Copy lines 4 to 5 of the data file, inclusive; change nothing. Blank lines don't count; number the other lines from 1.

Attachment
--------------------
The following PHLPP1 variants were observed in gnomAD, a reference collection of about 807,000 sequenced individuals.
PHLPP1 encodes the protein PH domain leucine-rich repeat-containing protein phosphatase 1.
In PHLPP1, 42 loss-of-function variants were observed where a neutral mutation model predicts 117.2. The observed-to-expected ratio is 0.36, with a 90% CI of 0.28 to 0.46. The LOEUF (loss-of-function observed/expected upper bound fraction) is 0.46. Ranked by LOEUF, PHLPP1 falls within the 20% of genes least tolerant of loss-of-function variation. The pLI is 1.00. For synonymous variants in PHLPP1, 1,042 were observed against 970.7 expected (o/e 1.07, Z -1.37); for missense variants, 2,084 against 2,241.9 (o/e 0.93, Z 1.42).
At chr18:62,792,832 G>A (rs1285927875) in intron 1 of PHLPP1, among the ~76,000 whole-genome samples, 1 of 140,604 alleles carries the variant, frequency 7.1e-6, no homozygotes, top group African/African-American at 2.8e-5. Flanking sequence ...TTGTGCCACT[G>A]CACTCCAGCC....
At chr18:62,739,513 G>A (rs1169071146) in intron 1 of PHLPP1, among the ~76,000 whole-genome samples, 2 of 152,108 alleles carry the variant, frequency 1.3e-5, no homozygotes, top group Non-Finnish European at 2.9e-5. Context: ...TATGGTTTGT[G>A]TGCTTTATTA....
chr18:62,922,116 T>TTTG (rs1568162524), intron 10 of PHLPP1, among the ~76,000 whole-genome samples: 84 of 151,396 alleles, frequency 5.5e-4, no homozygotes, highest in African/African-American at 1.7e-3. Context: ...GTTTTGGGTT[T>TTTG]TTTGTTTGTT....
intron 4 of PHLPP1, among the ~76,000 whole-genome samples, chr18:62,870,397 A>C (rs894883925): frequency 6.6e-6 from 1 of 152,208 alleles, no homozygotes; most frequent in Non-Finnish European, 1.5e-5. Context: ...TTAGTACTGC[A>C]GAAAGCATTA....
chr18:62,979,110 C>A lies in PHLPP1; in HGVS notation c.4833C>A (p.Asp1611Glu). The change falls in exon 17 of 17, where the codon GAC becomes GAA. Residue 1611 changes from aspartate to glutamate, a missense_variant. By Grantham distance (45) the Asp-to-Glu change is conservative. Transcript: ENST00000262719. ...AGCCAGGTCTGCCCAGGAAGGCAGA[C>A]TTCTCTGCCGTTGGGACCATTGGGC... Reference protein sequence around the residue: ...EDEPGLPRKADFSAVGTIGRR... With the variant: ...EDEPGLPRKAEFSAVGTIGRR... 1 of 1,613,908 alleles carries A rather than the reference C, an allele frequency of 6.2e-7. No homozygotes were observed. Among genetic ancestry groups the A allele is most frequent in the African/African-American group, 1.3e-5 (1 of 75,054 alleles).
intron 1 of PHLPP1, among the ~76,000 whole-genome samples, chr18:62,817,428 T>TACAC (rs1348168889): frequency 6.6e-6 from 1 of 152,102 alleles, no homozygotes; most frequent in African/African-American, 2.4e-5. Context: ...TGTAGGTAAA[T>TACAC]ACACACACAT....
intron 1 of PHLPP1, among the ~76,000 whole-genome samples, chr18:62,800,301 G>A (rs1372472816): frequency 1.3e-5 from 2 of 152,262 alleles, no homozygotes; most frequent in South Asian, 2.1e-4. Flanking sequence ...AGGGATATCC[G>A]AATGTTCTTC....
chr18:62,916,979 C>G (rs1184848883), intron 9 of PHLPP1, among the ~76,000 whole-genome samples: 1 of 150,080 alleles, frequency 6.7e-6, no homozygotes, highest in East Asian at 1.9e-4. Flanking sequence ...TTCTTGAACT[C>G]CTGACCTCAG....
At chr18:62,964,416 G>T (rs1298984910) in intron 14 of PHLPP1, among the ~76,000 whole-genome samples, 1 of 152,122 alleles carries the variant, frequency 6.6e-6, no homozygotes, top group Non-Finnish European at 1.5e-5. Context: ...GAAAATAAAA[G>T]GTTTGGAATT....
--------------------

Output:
At chr18:62,792,832 G>A (rs1285927875) in intron 1 of PHLPP1, among the ~76,000 whole-genome samples, 1 of 140,604 alleles carries the variant, frequency 7.1e-6, no homozygotes, top group African/African-American at 2.8e-5. Flanking sequence ...TTGTGCCACT[G>A]CACTCCAGCC....
At chr18:62,739,513 G>A (rs1169071146) in intron 1 of PHLPP1, among the ~76,000 whole-genome samples, 2 of 152,108 alleles carry the variant, frequency 1.3e-5, no homozygotes, top group Non-Finnish European at 2.9e-5. Context: ...TATGGTTTGT[G>A]TGCTTTATTA....